Choosing Insulation

by Lee Wyatt
(last updated October 5, 2020)

It may be surprising to many people, but choosing insulation can be one of the most important aspects of making your home more comfortable and energy efficient. The simplest explanation for this is that insulation is designed to keep your house cool during the summer, and warm during the winter. However, choosing insulation is more than going out and picking out something that simply "looks good." Here is some information that you can use to not only make choosing insulation a little easier, but also to make sure that you pick out the correct insulation for you home.

  • What is the R-value? Insulation is rated according to a system measured in R-values. Simply put, an R-value is what is used to rate an insulations ability to withstand heat transfer. This means the ability of the insulation to either keep heat in, or to keep it out.
  • What is an insulation zone? Similar in nature to the hardiness zone set up by the United States Department of Agriculture, insulation zones are a guide that you can use to learn the general ratings that you should have for your insulation. You can find more about insulation zones, as well as a map explaining how they are used, by doing a simple search in your favorite browser. Remember, insulation zones are more of a guideline than a rule, but can be very helpful in narrowing down the type of insulation that you should use.
  • Fiberglass insulation. Fiberglass insulation is one of the more traditional types of insulation available. In fact, this is usually the one that most people think about when they hear about insulation. Fiberglass insulation comes in sizes that range from 3-1/2 inch with an R-rating of R-13, to as thick as 12 inches with an R-rating of R-38.
  • Molded expanded polystyrene. Very reminiscent of foam boards, molded expanded polystyrene insulation is one of the easiest forms of insulation to work with. Often this insulation can be cut trimmed down, and doesn't have the itchy side effect that fiberglass insulation has. This type of insulation comes in sizes of 1 inch thick with an R-rating of R-4, to as thick as 2 inches, with an R-rating of R-8.
  • Extruded polystyrene. Extruded polystyrene has the same appearance as molded expanded polystyrene, and is used in much the same manner. The main difference between the two types of insulation is the R rating, which is R-5 for a thickness of 1 inch, and R-10 for a thickness of 2 inches.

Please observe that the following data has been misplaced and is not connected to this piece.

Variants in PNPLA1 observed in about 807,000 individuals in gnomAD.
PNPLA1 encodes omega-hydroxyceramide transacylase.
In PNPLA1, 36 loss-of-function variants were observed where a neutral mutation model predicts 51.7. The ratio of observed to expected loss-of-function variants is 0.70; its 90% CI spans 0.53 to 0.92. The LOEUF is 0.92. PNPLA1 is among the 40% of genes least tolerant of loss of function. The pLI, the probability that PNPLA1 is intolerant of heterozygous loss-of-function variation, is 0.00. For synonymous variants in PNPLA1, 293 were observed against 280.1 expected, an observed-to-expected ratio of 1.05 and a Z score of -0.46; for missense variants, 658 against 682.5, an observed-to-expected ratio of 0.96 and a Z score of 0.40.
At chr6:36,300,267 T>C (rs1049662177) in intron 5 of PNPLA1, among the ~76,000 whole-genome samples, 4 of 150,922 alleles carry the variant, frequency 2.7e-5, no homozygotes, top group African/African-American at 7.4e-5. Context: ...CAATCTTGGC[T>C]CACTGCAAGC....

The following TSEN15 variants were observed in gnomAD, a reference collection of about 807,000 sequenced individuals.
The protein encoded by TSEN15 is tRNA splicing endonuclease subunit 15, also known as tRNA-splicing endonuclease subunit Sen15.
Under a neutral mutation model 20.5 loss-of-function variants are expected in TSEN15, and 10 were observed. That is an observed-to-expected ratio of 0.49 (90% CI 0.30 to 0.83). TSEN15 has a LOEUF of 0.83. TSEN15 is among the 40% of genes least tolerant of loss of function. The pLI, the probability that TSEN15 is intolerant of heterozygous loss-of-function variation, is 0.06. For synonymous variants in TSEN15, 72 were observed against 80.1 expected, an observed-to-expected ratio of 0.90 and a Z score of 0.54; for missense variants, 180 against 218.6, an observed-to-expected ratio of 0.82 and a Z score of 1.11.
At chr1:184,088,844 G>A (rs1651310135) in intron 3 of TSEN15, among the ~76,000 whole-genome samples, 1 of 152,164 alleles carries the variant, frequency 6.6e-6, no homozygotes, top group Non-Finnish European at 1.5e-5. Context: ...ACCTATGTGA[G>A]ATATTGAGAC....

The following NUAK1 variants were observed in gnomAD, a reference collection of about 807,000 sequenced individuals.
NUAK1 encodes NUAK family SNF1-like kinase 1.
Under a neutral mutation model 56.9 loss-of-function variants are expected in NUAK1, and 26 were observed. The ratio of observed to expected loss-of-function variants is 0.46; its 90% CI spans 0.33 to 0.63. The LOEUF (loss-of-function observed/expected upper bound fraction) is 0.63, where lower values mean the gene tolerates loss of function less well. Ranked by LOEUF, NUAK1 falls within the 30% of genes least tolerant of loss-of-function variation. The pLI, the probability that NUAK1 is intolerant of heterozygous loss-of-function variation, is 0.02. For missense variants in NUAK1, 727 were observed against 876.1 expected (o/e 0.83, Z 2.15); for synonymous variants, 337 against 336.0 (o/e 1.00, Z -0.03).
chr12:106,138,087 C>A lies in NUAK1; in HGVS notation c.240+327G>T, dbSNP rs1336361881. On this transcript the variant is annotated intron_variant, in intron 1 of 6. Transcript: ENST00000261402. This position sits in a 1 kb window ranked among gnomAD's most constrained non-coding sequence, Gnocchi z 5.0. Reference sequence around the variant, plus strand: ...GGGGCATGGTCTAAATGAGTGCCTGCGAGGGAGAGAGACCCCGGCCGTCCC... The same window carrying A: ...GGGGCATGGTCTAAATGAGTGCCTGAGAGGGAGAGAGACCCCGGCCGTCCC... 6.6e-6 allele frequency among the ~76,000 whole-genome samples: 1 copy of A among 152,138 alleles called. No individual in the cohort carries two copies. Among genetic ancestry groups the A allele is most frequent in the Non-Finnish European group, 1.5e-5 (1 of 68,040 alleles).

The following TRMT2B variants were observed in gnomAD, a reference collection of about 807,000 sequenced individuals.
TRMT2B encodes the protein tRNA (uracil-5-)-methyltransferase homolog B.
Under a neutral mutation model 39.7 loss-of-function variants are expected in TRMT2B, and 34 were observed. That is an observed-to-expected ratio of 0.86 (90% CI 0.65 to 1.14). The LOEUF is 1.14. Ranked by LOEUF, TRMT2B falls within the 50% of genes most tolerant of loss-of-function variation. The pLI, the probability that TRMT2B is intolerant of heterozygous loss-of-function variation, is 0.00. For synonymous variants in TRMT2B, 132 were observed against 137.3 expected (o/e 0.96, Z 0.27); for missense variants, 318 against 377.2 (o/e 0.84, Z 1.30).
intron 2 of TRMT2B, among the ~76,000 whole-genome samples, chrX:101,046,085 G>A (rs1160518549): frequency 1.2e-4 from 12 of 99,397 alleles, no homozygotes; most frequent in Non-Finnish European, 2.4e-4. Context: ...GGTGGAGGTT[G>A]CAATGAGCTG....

• Polyurethane and polyisocyanurate. These two are another type of insulation that has the appearance of a foam board. However, the main difference in their appearance is that they are not as "rigid" as their polystyrene brothers. Typically, these types of insulation will come in a thickness of about 1 inch, and have an R-rating of between R-7 and R-8.
  • Cellulose. Made from recycled newspapers, and other paper products, cellulose typically looks like a particularly fluffy dust bunny that you got from under your child's bed. When applied, it is usually sprayed on in layers of about 1 inch thick, and has an R-rating of between R-3.4 and R-3.8.
  • Reflective. Reflective insulation gets its name from the fact that it "reflects" the heat back towards the source. Reflective insulation is usually made up of layers of reflective material such as aluminum foil, and cardboard. Another popular type of reflective insulation is basically bubble wrap made from aluminum foil. Depending on where this type of insulation is applied, it can reflect up to 97% of the radiated heat, and can have an R-value rating of between R-1.1 and R-18.

Author Bio

Lee Wyatt

Contributor of numerous Tips.Net articles, Lee Wyatt is quickly becoming a regular "Jack of all trades." He is currently an independent contractor specializing in writing and editing. Contact him today for all of your writing and editing needs! Click here to contact. ...


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